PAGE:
The study, which will appear in the December issue of the journal AIDS, was led by Douglas Owens, MD, a researcher at the Veterans Affairs Palo Alto Health Care System and professor of medicine at the Stanford University School of Medicine, and Margaret Brandeau, PhD, professor of engineering at Stanford.
Estimates vary, but around 1 million Russians - slightly more than 1 percent of the adult population - are infected with HIV, the virus that causes AIDS. Injection drug users account for three-quarters of all HIV cases in Russia, and the epidemic is spreading rapidly to non-drug users. According to the United Nations, Russia's HIV infection rate is among the fastest-growing in the world. By 2020, HIV could afflict 14.5 million Russians, according to a study from the Woodrow Wilson Center in Washington, D.C.
Advances in antiretroviral therapies have the potential to stem the spread of the virus in Russia, but in 2005 less than 1 percent of HIV-infected Russians - 5,000 people - received the life-extending drugs.
The situation is worse among drug users. "Almost no injection drug users in Russia are getting antiretroviral drug therapy," said Owens.
Antiretroviral therapies now combine multiple individual drugs to reduce the amount of virus in a person's body. The cumulative effect of two or three medicines works better than a single one to keep the virus at bay. Antiretroviral therapies have the added benefit of reducing the chances that an infected person will transmit HIV to others.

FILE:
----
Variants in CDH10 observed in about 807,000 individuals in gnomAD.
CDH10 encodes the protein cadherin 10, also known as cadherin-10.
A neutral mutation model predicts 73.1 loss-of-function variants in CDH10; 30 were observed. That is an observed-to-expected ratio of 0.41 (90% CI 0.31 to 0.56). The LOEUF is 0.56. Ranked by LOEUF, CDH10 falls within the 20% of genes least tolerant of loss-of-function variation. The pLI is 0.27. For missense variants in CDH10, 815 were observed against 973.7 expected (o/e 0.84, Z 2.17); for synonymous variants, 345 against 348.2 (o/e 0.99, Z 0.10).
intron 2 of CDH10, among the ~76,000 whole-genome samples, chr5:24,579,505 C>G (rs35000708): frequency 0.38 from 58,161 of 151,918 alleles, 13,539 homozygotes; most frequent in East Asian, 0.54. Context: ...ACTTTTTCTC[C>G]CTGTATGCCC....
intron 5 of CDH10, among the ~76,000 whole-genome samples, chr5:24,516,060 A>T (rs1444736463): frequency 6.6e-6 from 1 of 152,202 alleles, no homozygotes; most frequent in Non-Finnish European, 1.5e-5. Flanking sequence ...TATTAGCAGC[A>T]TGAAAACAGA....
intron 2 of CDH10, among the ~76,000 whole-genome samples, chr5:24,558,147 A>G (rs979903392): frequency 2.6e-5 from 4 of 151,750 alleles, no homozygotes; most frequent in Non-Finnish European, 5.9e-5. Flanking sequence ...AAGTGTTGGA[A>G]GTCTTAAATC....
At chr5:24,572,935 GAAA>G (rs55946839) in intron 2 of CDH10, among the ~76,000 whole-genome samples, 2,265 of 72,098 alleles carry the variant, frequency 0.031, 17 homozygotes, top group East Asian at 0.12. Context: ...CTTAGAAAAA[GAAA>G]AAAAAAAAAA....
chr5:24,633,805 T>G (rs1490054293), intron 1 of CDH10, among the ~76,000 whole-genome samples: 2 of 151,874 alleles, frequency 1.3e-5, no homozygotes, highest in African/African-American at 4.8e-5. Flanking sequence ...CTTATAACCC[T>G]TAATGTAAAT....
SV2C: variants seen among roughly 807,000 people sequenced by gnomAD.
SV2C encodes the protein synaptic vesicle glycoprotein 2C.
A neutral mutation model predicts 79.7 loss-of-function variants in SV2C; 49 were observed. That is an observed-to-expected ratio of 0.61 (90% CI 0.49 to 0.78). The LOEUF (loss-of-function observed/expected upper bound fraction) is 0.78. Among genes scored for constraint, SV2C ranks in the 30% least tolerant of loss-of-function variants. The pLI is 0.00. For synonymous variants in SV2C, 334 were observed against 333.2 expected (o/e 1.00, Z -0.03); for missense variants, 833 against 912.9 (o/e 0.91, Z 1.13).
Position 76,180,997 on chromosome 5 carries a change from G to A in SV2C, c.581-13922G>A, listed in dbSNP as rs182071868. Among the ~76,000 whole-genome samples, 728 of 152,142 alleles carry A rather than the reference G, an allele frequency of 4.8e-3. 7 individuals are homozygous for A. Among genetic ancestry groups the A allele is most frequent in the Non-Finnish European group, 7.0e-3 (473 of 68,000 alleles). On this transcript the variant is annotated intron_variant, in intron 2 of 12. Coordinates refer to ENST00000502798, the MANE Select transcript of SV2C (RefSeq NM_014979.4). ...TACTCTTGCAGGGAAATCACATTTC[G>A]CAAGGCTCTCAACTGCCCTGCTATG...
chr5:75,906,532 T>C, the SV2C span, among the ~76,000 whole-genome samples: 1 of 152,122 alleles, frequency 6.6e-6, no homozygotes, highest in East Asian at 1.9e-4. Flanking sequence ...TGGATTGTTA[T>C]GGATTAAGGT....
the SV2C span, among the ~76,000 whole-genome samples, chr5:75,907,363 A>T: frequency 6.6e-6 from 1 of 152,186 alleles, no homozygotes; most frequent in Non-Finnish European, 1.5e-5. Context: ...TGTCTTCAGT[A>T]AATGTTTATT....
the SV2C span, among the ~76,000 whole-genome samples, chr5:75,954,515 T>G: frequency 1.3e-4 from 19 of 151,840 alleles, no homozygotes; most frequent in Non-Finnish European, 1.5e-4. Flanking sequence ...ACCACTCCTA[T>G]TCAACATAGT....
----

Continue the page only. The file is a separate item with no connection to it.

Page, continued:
To understand how antiretroviral therapy could affect HIV transmission in Russia, Owens and Brandeau, along with doctoral student Elisa Long, creat ed a computer model of the virus' spread through the adult population in St. Petersburg, Russia. They accounted for infection rates among drug users and non-drug users and the reduced viral transmissibility and increased life expectancy of infected individuals on antiretroviral medication.
The researchers examined the hypothetical impact of treating only non-drug users, treating only addicts, treating both groups or maintaining the status quo. Owens called the approach a "thought experiment," designed to predict how treating different groups in the population would affect the overall epidemic.
"Exclusively treating non-drug users is not a wise approach. It's the least efficient and it's the least effective," said Long.
According to the model, treating only HIV-infected drug users will prevent more infections among non-drug users than exclusively targeting the non-drug users. Injection drug users are likely to spread HIV through unprotected sex, so reducing their ability to spread the virus can significantly reduce the spread of HIV to the general population.
The researchers also looked at the expense of the various treatment strategies, which had an estimated cost between $9.4 and $11.2 billion over 20 years. Giving medication only to non-drug users was not the most expensive approach, but it prevented the fewest new infections, according to the study. Treating both populations equally provided the most health benefit for the money, said Owens.
One key to implementing treatment programs will be keeping injection drug users on their HIV medications, said Owens. Antiretroviral therapy regimens have become much simpler, often requiring patients to take just one or two pills per day.
"If they can get the treatment and support, intravenous drug users can do well taking their medications," said Owens.
The study has important implications for Russia's approach to combating AIDS. Antiretr oviral therapy is expanding in Russia, but it remains to be seen whether drug addicts will receive treatment, Owens said. "Our main message is that really to have an impact on the epidemic, you have to treat both the drug users and non-drug users."